Abstract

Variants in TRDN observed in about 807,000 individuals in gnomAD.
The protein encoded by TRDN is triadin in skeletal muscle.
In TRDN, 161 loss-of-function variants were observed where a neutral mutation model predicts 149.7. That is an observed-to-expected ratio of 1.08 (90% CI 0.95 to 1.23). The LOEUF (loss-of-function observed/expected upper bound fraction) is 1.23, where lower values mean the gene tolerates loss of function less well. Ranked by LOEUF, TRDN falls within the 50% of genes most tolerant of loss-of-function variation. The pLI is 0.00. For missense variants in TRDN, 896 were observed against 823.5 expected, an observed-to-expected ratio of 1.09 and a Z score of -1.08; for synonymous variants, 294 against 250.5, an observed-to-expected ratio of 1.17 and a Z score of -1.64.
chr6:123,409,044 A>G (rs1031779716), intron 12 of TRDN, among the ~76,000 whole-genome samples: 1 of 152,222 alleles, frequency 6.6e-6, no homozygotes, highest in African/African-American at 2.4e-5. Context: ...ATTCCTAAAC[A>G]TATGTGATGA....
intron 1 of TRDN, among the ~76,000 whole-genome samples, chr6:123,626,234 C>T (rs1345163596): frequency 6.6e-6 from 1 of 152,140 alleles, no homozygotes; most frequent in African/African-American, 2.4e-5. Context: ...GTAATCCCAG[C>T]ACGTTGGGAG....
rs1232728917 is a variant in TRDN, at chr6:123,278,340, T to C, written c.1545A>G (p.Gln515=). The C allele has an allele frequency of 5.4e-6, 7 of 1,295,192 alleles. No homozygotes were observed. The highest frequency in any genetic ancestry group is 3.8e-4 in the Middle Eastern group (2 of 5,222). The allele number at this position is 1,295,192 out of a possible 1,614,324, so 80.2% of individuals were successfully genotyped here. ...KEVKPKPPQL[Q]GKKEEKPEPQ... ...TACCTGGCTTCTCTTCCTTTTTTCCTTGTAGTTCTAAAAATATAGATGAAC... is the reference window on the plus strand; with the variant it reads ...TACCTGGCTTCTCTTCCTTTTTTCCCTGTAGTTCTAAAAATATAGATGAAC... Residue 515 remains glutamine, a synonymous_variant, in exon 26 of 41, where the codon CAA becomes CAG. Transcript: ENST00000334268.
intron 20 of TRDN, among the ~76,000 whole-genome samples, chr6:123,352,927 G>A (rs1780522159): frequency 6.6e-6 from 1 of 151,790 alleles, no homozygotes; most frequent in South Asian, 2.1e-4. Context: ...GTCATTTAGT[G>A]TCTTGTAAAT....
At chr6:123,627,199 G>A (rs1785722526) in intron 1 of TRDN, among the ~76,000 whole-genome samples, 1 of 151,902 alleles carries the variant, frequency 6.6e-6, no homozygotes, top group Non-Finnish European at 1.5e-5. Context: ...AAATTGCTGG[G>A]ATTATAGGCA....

Problematic sclerites are common in Cambrian rocks around the world, but much less so in those of the Ordovician. Eurytholia prattensis new genus and species and E. elibata new species, described herein, are rare but widely distributed faunal elements in a narrow stratigraphical interval (Pygodus serra and P. anserinus conodont biozones) within Ordovician beds in an area bordering Iapetus (South Wales, UK; Alabama, USA; Dalarna, Sweden; and North Estonia). Specimens are minute plates (usually less than 1 mm wide), transversely ovoid, and hollow. They are not closely comparable with any previously described fossils. Eurytholia plates are interpreted as dorsal dermal sclerites from an animal of uncertain affinities. The scleritome is provisionally reconstructed as ovoid in form, with sclerites arranged in sub-longitudinal rows.

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